Compare any two graphics cards:
GeForce GTX 295 vs GeForce GTX Titan
IntroThe GeForce GTX 295 features clock speeds of 576 MHz on the GPU, and 999 MHz on the 896 MB of GDDR3 RAM. It features 240 SPUs along with 80 Texture Address Units and 28 Rasterization Operator Units.
Compare those specs to the GeForce GTX Titan, which uses a 28 nm design. nVidia has clocked the core speed at 837 MHz. The GDDR5 memory works at a speed of 1502 MHz on this specific card. It features 2688 SPUs along with 224 TAUs and 48 ROPs.
(No game benchmarks for this combination yet.)
Power Usage and Theoretical Benchmarks
Power Consumption (Max TDP)
Theoretically, the GeForce GTX Titan should perform a lot faster than the GeForce GTX 295 overall. (explain)
Texel RateThe GeForce GTX Titan is a lot (approximately 103%) faster with regards to anisotropic filtering than the GeForce GTX 295. (explain)
Pixel RateThe GeForce GTX Titan is much (about 25%) more effective at FSAA than the GeForce GTX 295, and able to handle higher resolutions while still performing well. (explain)
Please note that the above 'benchmarks' are all just theoretical - the results were calculated based on the card's specifications, and real-world performance may (and probably will) vary at least a bit.
One or more cards in this comparison are multi-core. This means that their bandwidth, texel and pixel rates are theoretically doubled - this does not mean the card will actually perform twice as fast, but only that it should in theory be able to. Actual game benchmarks will give a more accurate idea of what it's capable of.
Please note that the price comparisons are based on search keywords - sometimes it might show cards with very similar names that are not exactly the same as the one chosen in the comparison. We do try to filter out the wrong results as best we can, though.
Memory Bandwidth: Memory bandwidth is the largest amount of information (in units of megabytes per second) that can be transported across the external memory interface within a second. The number is calculated by multiplying the bus width by its memory speed. If it uses DDR memory, it must be multiplied by 2 once again. If it uses DDR5, multiply by ANOTHER 2x. The higher the card's memory bandwidth, the better the card will be in general. It especially helps with anti-aliasing, High Dynamic Range and higher screen resolutions.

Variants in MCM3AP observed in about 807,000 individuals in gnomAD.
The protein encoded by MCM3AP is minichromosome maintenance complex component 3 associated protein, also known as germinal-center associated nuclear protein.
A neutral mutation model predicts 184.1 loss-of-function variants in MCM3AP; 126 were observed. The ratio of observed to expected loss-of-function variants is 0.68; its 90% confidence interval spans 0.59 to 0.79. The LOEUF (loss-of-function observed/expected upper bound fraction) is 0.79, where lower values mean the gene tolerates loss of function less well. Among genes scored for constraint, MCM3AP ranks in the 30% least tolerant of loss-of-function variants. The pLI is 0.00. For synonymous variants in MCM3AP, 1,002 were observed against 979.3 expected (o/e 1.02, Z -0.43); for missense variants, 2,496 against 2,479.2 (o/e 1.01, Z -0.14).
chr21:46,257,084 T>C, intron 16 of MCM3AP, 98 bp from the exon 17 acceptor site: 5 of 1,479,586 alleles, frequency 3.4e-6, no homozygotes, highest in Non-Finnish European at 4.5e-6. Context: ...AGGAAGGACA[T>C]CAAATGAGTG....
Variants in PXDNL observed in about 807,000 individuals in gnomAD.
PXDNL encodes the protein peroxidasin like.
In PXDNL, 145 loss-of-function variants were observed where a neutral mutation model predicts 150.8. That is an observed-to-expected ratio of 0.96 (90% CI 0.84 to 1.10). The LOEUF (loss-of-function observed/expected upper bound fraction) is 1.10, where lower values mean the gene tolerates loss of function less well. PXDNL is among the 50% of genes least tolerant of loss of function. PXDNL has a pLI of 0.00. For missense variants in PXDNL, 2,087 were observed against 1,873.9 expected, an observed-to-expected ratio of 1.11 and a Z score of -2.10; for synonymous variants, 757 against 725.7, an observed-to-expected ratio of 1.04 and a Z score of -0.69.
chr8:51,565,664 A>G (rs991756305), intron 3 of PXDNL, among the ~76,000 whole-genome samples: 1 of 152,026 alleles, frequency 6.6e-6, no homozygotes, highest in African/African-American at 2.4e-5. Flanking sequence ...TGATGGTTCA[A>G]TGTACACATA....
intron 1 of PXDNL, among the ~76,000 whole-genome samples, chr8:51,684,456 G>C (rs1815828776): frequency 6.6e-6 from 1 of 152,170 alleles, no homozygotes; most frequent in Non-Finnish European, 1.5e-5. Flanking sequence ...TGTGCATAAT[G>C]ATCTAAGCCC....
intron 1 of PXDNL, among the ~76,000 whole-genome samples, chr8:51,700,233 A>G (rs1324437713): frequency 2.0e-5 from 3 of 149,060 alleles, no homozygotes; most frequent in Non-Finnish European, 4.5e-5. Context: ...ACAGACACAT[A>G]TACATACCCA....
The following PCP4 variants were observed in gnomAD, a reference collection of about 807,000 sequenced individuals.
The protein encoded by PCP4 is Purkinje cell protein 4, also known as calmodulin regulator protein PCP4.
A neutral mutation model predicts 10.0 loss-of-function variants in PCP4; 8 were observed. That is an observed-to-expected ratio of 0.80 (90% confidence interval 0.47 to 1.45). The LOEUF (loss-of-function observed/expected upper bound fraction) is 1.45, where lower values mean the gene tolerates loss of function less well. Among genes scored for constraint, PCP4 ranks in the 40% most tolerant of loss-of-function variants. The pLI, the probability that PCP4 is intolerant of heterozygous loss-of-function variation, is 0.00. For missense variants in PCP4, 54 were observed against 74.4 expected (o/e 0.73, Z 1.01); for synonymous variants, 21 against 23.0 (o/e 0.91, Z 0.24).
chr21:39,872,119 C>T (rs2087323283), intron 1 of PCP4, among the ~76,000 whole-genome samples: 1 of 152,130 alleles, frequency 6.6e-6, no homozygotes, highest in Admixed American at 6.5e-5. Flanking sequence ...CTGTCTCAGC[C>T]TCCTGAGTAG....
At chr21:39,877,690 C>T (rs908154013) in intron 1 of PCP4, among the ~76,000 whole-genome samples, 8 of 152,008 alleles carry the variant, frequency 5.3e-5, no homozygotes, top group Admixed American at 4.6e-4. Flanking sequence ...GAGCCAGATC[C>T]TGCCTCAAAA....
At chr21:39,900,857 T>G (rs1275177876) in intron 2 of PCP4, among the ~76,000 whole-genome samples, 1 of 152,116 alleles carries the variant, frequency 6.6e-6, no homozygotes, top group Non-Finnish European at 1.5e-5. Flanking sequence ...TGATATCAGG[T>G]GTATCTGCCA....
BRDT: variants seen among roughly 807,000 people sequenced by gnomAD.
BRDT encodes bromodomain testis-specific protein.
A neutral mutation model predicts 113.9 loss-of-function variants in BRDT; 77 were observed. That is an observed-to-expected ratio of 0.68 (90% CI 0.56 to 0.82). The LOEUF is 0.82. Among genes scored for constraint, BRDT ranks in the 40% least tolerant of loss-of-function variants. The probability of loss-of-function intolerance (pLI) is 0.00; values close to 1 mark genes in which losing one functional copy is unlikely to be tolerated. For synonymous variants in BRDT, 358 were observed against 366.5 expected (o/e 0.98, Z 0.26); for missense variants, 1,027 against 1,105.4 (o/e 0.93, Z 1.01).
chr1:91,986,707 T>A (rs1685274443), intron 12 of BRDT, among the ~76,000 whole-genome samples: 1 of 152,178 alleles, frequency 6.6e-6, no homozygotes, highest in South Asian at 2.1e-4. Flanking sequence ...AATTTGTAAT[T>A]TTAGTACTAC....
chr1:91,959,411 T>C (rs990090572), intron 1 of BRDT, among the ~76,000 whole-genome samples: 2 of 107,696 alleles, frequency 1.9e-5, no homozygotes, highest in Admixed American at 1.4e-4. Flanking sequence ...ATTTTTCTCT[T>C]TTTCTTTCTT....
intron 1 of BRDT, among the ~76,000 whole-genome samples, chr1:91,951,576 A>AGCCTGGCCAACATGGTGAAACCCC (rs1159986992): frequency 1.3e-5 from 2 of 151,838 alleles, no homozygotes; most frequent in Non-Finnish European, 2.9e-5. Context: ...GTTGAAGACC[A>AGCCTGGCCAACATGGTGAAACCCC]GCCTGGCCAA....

Texel Rate: Texel rate is the maximum texture map elements (texels) that can be processed in one second. This number is worked out by multiplying the total amount of texture units by the core speed of the chip. The better this number, the better the video card will be at texture filtering (anisotropic filtering - AF). It is measured in millions of texels processed in a second.
Pixel Rate: Pixel rate is the maximum number of pixels the graphics card can possibly record to the local memory in a second - measured in millions of pixels per second. The figure is worked out by multiplying the number of Render Output Units by the clock speed of the card. ROPs (Raster Operations Pipelines - sometimes also referred to as Render Output Units) are responsible for outputting the pixels (image) to the screen. The actual pixel output rate is also dependant on quite a few other factors, most notably the memory bandwidth - the lower the bandwidth is, the lower the potential to get to the maximum fill rate.